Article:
ST. LOUIS -- After spending nearly 10 weeks in New York last season, Lance Berkman should have known better. Although that much time in the Yankees' media crucible is usually enough to make even the most outspoken players think twice in the presence of a microphone, Berkman couldn't resist when asked back in January why he chose to sign with the Cardinals over the Rangers.
In a radio interview, Berkman described Texas, the defending American League champion, as "average" and said the Rangers "caught lightning in a bottle" by making it to the World Series, where they lost to the Giants in five games.
Berkman, who last week was named the Comeback Player of the Year, had no regrets as he helped the surprising Cardinals earn their third trip to the Fall Classic in eight years. But the karmic payback turned out to be a showdown with the Rangers, which meant having the whole mess boomerang back around on the eve of Wednesday night's's Game 1.
"I didn't think it was a big story," Berkman said. "I said it on a Houston radio station and then I forgot they have this thing called the Internet."
That's straight from the Bronx 101 curriculum, and Berkman, realizing that he messed up, tried to make amends by leaving a written apology in the locker of the Rangers' C.J. Wilson during the All-Star Game in Phoenix. Wilson, the Game 1 starter for Texas, revealed Tuesday what Berkman wrote.
"There was a note from Lance saying, 'Hey, congratulations on you guys' success. I guess I was wrong. Not the first time,' " Wilson recalled. "I ran into him at breakfast a couple days later and we talked about it and he was really awesome. So I have no issues with what he said. Much like myself, I'm going to say what's on my mind."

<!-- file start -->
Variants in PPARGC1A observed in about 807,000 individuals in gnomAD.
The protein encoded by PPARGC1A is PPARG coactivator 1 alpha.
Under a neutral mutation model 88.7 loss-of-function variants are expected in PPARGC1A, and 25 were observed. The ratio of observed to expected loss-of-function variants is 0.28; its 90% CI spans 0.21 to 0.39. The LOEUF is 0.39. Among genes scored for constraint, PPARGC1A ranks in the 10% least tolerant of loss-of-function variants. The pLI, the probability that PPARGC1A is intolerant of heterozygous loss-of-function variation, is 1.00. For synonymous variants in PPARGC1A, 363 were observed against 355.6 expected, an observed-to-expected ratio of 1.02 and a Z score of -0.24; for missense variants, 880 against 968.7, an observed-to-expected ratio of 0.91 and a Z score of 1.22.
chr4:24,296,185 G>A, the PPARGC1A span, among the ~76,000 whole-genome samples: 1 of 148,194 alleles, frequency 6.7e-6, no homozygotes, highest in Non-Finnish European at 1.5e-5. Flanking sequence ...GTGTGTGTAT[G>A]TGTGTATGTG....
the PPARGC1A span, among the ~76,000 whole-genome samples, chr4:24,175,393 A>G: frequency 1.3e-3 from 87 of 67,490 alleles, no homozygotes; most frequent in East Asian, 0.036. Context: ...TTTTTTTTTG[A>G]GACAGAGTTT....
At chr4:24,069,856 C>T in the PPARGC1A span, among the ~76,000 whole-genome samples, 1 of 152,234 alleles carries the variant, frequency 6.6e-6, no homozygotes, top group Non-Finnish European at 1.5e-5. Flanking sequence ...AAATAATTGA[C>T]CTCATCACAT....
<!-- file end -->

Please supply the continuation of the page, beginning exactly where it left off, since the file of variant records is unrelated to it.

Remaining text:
That's Berkman, whose chatty demeanor stands out in what can be a buttoned-down Cardinals clubhouse. During Tuesday's media day, Berkman chimed in on a number of topics, and was amused by one about his conditioning regimen. After batting a career-low .248 last season in 123 games with the Astros, Berkman hired a personal trainer last winter and dropped weight.
This year, Berkman batted .301 with a .959 OPS for the Cardinals in 145 games, including 123 starts in the outfield. He had a two-run single in the fourth inning of Wednesday night's World Series opener.
"If you hit .300, then you're svelte," Berkman said. "If you don't, then you're fat and out of shape."
This version of Berkman, along with Albert Pujols and Matt Holliday, makes for a lethal 3-4-5 combination. But for Tony La Russa, who watched him as an NL Central opponent, there's more to Berkman than just a bat and a mouth.
"The thing we didn't know in the other clubhouse was the kind of teammate he is," La Russa said. "But you've got to get him there every day from Day 1 of spring training until now to see all he contributes. There's a real good life on our club and he's got a real good temperament for playing hard and having his profession in place."
The feeling seems mutual -- sort of. When asked about playing for La Russa, Berkman, as usual, kept it real.
"He's a polarizing guy," Berkman said. "I used to hate him, but now I love him."
After their "misunderstanding" earlier this year, Wilson probably can say the same about Berkman. Love may be a little strong, but any animosity seems to have waned heading into the World Series.
"I'm happy for him," Wilson said. "He played a lot better than he did last year. So in that regard, he stepped up to his end of the bargain and we stepped up to our end of the bargain and here we are. It's kind of cool, actually."